The Commodores’ loss leaves TWO Southeastern Conference schools, Texas A&M and Kentucky, amongst the remaining 66 teams. Three teams in the NCAA tournament for a power conference is pitiful, espeically in the 68-team era, which began in 2011. I can remember more SEC teams in the field in 1989 (five), when the SEC had only 10 teams.
The SEC has long had a reputation in basketball of Kentucky and nothing but weak sisters, and this year has proved the axiom true, save for Texas A&M, which won a share of its first conference championship since 1987 when it is was in the now-defunct Southwest Conference.
Two more First Four games tonight: Holy Cross vs. Southern (yes, the one in Baton Rouge), and Michigan vs. Tulsa, which doesn’t deserve to be anywhere near the NCAA field. If the Wolverines choke this game, then they should be forced to walk up Interstate 75 from Dayton to Detroit, then west on I-96 back to Ann Arbor. Tulsa is a joke. A JOKE.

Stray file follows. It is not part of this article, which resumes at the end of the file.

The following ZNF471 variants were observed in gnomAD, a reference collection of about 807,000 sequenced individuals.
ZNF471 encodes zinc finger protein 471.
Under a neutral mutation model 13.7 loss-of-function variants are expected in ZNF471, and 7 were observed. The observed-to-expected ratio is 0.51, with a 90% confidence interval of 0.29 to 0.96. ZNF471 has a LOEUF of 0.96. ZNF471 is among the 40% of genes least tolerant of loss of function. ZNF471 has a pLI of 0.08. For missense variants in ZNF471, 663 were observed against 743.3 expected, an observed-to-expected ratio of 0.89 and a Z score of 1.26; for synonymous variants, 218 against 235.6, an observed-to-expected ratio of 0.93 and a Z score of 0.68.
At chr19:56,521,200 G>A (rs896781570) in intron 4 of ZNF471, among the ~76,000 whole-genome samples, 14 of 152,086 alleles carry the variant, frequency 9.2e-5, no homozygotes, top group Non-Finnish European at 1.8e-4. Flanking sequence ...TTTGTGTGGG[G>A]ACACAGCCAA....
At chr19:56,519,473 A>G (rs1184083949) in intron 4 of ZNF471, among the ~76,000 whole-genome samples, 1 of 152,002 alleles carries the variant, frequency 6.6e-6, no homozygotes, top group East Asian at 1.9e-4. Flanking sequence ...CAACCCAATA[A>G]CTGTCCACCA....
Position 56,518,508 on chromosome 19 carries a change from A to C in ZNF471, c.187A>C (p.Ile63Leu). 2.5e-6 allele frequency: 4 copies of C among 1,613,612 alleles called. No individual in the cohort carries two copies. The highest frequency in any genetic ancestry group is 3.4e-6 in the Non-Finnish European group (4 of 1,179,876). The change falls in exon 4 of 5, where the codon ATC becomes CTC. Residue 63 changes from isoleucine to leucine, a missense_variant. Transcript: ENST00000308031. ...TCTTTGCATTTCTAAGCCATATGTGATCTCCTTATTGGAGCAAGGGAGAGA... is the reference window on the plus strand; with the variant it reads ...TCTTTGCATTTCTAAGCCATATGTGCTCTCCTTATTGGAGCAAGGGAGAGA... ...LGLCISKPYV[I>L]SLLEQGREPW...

In case you’ve been living under a rock for the past four months, Kentucky has been the best men’s college basketball team in the United States.
In fact, the Wildcats are getting better at the right time. They steamrolled their way through the Southeastern Conference tournament, destroying Florida, Auburn and Arkansas to improve to 34-0, 21-0 overall against SEC foes.
Only six games stand between John Calipari’s squad and immortality. As dominant as Kentucky has been through the years under Adolph Rupp, Joe B. Hall, Rick Pitino, Tubby Smith and Calipari, it has never finished a championship season undefeated. It went undefeated in 1952-53, but the Wildcats were banned from the postseason due to numerous NCAA rules violations.